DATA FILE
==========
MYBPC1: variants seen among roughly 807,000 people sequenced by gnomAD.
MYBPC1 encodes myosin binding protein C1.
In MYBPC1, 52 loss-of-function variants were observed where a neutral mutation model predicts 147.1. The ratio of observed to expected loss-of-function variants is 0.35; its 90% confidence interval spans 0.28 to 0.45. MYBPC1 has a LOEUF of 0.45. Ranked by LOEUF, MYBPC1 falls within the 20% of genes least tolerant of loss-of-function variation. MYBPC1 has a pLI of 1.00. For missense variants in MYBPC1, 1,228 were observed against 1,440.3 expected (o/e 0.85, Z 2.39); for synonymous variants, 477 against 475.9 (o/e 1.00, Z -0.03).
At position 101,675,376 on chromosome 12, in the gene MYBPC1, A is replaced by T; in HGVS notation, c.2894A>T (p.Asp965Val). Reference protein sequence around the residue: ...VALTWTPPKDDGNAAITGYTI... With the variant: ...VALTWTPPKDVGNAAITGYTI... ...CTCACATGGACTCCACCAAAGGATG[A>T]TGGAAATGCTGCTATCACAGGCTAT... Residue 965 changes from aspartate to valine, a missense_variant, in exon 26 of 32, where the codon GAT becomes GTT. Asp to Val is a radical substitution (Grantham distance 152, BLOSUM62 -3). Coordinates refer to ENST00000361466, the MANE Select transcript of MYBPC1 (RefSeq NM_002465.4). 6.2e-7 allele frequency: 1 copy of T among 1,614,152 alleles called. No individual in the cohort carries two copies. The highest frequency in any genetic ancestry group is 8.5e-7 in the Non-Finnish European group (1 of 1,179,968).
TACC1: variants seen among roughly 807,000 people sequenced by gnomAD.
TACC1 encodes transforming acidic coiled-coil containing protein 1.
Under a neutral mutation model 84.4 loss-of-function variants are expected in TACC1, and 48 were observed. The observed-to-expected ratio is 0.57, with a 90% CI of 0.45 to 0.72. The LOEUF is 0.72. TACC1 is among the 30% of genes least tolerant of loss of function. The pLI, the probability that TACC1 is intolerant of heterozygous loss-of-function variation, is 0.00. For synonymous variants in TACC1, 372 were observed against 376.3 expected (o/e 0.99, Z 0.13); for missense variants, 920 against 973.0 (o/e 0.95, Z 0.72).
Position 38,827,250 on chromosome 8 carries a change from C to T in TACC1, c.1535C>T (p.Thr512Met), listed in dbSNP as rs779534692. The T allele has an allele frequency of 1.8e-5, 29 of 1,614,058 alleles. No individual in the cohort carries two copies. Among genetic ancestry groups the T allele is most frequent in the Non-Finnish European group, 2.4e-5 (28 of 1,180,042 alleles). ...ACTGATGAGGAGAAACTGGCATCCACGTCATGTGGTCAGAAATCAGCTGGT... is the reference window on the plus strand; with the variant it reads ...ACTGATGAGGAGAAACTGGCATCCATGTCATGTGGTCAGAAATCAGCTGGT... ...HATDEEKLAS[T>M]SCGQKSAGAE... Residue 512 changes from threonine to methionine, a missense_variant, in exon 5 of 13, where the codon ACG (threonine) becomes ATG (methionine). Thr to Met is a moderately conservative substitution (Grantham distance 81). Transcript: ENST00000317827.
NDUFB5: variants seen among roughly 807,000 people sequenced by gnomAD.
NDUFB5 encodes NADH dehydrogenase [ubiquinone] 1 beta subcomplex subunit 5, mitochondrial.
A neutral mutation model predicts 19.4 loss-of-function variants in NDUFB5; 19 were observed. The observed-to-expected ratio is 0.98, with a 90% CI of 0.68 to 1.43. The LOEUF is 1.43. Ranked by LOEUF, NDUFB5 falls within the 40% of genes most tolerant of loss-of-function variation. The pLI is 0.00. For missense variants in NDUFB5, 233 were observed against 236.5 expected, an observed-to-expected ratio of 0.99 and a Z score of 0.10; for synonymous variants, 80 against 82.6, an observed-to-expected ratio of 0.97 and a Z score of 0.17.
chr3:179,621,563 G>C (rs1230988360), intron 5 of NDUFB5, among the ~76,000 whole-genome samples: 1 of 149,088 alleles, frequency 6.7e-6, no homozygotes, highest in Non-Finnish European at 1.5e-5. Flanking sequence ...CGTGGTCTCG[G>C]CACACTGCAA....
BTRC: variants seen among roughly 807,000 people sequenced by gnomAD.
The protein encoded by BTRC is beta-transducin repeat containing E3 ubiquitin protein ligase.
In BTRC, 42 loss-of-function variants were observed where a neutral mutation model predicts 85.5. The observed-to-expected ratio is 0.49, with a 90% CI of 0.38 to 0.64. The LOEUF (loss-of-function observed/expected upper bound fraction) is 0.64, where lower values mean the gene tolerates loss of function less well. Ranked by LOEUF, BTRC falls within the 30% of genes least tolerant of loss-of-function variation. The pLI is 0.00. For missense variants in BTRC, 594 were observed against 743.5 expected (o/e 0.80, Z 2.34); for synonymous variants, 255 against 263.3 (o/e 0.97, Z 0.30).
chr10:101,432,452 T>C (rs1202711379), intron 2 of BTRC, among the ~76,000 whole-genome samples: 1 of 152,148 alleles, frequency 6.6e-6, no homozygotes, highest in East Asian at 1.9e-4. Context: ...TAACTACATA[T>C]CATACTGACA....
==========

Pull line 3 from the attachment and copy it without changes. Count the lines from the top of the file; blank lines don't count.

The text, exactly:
In MYBPC1, 52 loss-of-function variants were observed where a neutral mutation model predicts 147.1. The ratio of observed to expected loss-of-function variants is 0.35; its 90% confidence interval spans 0.28 to 0.45. MYBPC1 has a LOEUF of 0.45. Ranked by LOEUF, MYBPC1 falls within the 20% of genes least tolerant of loss-of-function variation. MYBPC1 has a pLI of 1.00. For missense variants in MYBPC1, 1,228 were observed against 1,440.3 expected (o/e 0.85, Z 2.39); for synonymous variants, 477 against 475.9 (o/e 1.00, Z -0.03).